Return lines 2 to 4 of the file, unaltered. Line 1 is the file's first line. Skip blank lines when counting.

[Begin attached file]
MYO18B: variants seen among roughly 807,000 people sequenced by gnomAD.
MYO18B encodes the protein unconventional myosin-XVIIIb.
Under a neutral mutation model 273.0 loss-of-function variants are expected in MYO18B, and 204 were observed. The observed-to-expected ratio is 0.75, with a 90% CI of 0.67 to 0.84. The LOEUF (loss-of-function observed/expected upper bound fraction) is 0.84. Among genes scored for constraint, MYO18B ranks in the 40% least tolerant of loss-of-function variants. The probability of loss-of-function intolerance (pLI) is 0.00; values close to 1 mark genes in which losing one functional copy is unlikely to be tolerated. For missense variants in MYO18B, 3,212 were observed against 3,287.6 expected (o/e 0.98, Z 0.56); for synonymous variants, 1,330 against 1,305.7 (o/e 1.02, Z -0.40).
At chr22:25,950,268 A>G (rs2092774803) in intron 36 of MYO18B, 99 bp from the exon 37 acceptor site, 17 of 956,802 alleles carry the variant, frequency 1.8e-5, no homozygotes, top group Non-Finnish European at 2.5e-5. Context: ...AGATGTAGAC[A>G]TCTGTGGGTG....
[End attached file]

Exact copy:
MYO18B encodes the protein unconventional myosin-XVIIIb.
Under a neutral mutation model 273.0 loss-of-function variants are expected in MYO18B, and 204 were observed. The observed-to-expected ratio is 0.75, with a 90% CI of 0.67 to 0.84. The LOEUF (loss-of-function observed/expected upper bound fraction) is 0.84. Among genes scored for constraint, MYO18B ranks in the 40% least tolerant of loss-of-function variants. The probability of loss-of-function intolerance (pLI) is 0.00; values close to 1 mark genes in which losing one functional copy is unlikely to be tolerated. For missense variants in MYO18B, 3,212 were observed against 3,287.6 expected (o/e 0.98, Z 0.56); for synonymous variants, 1,330 against 1,305.7 (o/e 1.02, Z -0.40).
At chr22:25,950,268 A>G (rs2092774803) in intron 36 of MYO18B, 99 bp from the exon 37 acceptor site, 17 of 956,802 alleles carry the variant, frequency 1.8e-5, no homozygotes, top group Non-Finnish European at 2.5e-5. Context: ...AGATGTAGAC[A>G]TCTGTGGGTG....